As the saying goes: all good things come to an end. This is especially true in the rapidly changing world of technology, where large hardware and software can quickly become obsolete. That’s why no one uses the original innovative iPhone anymore, when the value of classic consoles is purely nostalgic.
It seems the same can be said for Windows 7. Microsoft’s desktop operating system was released in 2009 and will soon be deprecated in three major versions, but that hasn’t stopped a lot of people from using it.
According to StatCounter, about 16% of all current Windows PCs were running Windows 7 as of July 2021. Some of these devices are likely to be inactive, but that still leaves a significant number of people using a Software which is no longer supported since January 2020.
It is extremely dangerous. Not only does Microsoft no longer release updates for Software for Windows 7, but also does not fix security issues or provide technical support. For the vast majority of people, it’s just not a risk to take.
Windows 7 paid updates are only available for businesses
Refusing to ditch Windows 7 doesn’t make sense to most of us, especially since you can always upgrade to Windows 10 for free. However, there are some people who have legitimate reasons to stick with the 12 year old operating system.
For many businesses, upgrading to Windows 7 isn’t worth it. the Software It might be free on its own, but the migration process certainly isn’t.
Additionally, some employees may need assistance when new to a new operating system, and not all current applications and programs will continue to function.
In this scenario, Microsoft continues to provide annual updates and fixes for Windows 7 to businesses. This is thanks to what’s known as the Extended Security Update Program (ESU), although the last one is scheduled for 2022.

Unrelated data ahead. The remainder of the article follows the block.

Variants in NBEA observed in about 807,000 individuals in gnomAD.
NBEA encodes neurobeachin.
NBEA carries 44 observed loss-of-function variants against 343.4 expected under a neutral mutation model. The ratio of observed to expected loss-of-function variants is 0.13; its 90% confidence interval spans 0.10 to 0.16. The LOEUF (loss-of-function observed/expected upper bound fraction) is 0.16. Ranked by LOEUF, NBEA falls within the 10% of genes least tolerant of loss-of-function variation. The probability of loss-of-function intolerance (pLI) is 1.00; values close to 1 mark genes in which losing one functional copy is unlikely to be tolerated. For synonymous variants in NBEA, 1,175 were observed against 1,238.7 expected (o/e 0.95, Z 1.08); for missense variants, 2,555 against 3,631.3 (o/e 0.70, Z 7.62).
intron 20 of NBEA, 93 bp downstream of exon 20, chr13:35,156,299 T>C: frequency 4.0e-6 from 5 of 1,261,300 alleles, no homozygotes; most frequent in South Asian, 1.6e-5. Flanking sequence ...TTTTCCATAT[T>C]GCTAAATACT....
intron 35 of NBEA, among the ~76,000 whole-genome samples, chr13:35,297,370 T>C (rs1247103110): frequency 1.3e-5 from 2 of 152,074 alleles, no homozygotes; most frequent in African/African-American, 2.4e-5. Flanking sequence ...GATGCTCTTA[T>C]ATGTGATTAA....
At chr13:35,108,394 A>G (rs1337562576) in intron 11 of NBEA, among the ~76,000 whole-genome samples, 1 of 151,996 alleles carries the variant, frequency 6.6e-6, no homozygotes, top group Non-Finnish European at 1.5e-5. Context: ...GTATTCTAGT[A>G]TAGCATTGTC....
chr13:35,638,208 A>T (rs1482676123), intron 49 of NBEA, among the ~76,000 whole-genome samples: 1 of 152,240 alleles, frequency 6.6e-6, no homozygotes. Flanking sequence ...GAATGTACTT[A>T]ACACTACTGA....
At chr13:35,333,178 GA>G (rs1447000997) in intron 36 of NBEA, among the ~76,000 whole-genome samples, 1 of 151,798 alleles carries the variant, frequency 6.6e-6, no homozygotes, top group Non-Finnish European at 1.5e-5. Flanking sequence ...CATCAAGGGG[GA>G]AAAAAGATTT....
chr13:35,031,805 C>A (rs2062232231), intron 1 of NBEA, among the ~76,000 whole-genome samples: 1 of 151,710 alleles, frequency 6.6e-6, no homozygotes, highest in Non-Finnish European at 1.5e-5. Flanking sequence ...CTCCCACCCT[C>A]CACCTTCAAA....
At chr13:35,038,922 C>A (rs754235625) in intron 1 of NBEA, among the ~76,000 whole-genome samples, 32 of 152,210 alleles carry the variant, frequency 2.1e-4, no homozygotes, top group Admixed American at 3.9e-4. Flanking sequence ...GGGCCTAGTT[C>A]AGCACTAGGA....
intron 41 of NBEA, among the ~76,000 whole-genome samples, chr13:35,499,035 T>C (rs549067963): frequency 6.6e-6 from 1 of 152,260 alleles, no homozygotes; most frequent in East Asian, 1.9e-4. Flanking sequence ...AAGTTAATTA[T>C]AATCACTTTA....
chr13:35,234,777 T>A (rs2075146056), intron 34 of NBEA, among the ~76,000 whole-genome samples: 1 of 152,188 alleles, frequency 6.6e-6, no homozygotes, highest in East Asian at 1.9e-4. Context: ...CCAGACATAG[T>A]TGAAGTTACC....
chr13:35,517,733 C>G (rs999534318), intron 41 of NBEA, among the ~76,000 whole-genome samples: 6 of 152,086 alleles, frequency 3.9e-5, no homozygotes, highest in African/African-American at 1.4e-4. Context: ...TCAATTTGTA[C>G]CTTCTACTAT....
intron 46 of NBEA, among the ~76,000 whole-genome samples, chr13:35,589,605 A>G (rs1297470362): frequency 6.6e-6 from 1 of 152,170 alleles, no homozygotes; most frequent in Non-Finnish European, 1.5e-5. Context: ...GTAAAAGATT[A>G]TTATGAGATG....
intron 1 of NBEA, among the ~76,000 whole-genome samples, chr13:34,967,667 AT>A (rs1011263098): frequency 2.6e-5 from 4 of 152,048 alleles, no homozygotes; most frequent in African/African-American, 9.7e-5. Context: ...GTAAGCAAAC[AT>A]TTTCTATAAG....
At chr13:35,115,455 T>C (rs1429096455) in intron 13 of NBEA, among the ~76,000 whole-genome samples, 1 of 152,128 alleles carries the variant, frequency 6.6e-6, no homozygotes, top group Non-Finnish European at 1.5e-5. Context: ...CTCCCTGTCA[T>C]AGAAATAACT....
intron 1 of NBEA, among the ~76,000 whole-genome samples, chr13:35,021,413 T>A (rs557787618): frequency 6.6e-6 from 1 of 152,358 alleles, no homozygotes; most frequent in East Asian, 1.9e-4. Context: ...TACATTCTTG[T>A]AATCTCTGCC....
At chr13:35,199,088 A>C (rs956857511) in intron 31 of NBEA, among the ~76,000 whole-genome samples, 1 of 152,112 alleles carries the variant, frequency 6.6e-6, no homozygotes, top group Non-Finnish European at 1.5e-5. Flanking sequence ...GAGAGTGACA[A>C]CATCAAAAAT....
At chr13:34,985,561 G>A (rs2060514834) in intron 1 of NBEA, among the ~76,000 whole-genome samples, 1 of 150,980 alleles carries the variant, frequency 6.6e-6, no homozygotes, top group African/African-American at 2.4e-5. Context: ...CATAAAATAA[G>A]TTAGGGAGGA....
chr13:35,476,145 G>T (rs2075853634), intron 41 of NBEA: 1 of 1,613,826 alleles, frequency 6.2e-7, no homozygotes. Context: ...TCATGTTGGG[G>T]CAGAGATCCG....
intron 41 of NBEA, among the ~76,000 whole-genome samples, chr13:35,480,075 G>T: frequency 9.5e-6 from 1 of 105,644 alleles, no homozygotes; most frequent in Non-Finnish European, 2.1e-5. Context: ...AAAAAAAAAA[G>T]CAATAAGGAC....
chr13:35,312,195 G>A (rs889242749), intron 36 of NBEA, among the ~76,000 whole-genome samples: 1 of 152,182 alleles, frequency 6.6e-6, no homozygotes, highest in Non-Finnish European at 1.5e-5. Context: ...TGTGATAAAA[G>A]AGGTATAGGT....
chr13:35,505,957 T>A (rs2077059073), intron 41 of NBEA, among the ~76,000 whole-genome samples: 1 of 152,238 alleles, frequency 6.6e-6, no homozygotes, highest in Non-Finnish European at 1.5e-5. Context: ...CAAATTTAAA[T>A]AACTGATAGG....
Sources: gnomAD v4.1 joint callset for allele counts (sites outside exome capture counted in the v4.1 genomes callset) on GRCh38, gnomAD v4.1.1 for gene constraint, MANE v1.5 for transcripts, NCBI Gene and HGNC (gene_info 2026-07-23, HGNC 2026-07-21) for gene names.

Extended Security Updates are only officially available through licensed vendors and cannot be purchased by individual users or small businesses, even if they are running Windows 7 Pro.
Patches claiming to circumvent these restrictions can be found on the internet, but we cannot comment on their safety or effectiveness.
There̵ 7;s no reason most people stick with Windows 7
Objectively, there is little reason to stick with Windows 7 and refuse to upgrade to Windows 10. The hardware requirements for both operating systems are almost identical, the upgrade is free for most. people and the user experience on Windows 10 will be relatively family-friendly.
However, some older computers cannot run Windows 10. If you are using one of these devices, it is probably time to upgrade.
The compatibility of Software This is a more legitimate concern: Not all Windows 7 applications will work well on Windows 10. But both are relatively rare, so we encourage you to persist in the update process if you experience any issues.
Most of the time, Windows will automatically recognize the components and drivers that you have already installed. You may need to download new ones or update them manually, but all basic functions will work immediately.
If there are any drivers that your PC no longer recognizes, you should be able to find them through the VOGONS Vintage Driver Library.
It’s also worth checking out your device manufacturer’s service and support pages – many older drivers will still work fine on Windows 10.
For software, it’s even easier. Windows 10 has a built-in compatibility mode, which allows you to run programs that don’t normally work.
You just have to write “compatibility” and open the corresponding option in the control panel. You can then choose the affected app and (hopefully) fix the issues.
How to get Windows 10 for free
If you’re still using Windows 7, there’s an easy way to update your device without paying a dime. Windows 10’s ISO was only going to be available a year after the OS was released, but it’s still available from 2021.
For more details on how to upgrade using this method, see our dedicated guide: How to upgrade from Windows 7 to Windows 10.
Can you upgrade from Windows 7 to Windows 11?
Technically, yes. Most older devices won’t meet the updated Windows 11 hardware requirements, but there is a way around the need for a TPM 2.0 chip and minimal RAM / storage options.
However, the need for a recent Intel / AMD / ARM based processor can be a sticking point. You will also need to reinstall a clean version of Windows 7 on your PC before attempting the update.
Although you can work around these limitations, Windows 11 will not be designed to run on this older hardware and therefore may not work properly.
A version of this article was originally published in German on our partner site PC-Welt.